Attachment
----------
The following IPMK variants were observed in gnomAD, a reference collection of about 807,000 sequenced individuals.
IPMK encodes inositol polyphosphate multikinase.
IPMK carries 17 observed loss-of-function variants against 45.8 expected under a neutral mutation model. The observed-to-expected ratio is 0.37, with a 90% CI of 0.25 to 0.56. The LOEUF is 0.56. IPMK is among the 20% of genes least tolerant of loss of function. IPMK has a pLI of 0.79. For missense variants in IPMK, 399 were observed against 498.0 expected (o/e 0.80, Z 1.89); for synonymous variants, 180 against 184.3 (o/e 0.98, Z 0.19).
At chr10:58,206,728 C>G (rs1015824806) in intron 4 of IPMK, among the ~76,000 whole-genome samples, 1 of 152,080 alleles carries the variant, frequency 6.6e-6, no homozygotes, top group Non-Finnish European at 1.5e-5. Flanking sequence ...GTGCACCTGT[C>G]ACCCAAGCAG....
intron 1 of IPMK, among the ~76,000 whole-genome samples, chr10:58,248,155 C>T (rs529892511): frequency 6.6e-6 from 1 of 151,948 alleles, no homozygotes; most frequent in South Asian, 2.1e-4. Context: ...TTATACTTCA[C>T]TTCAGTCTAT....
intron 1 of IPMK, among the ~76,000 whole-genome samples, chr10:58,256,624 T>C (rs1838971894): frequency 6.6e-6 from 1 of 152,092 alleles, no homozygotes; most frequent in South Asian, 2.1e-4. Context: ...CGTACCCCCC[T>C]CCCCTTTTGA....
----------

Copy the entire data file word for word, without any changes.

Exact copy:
The following IPMK variants were observed in gnomAD, a reference collection of about 807,000 sequenced individuals.
IPMK encodes inositol polyphosphate multikinase.
IPMK carries 17 observed loss-of-function variants against 45.8 expected under a neutral mutation model. The observed-to-expected ratio is 0.37, with a 90% CI of 0.25 to 0.56. The LOEUF is 0.56. IPMK is among the 20% of genes least tolerant of loss of function. IPMK has a pLI of 0.79. For missense variants in IPMK, 399 were observed against 498.0 expected (o/e 0.80, Z 1.89); for synonymous variants, 180 against 184.3 (o/e 0.98, Z 0.19).
At chr10:58,206,728 C>G (rs1015824806) in intron 4 of IPMK, among the ~76,000 whole-genome samples, 1 of 152,080 alleles carries the variant, frequency 6.6e-6, no homozygotes, top group Non-Finnish European at 1.5e-5. Flanking sequence ...GTGCACCTGT[C>G]ACCCAAGCAG....
intron 1 of IPMK, among the ~76,000 whole-genome samples, chr10:58,248,155 C>T (rs529892511): frequency 6.6e-6 from 1 of 151,948 alleles, no homozygotes; most frequent in South Asian, 2.1e-4. Context: ...TTATACTTCA[C>T]TTCAGTCTAT....
intron 1 of IPMK, among the ~76,000 whole-genome samples, chr10:58,256,624 T>C (rs1838971894): frequency 6.6e-6 from 1 of 152,092 alleles, no homozygotes; most frequent in South Asian, 2.1e-4. Context: ...CGTACCCCCC[T>C]CCCCTTTTGA....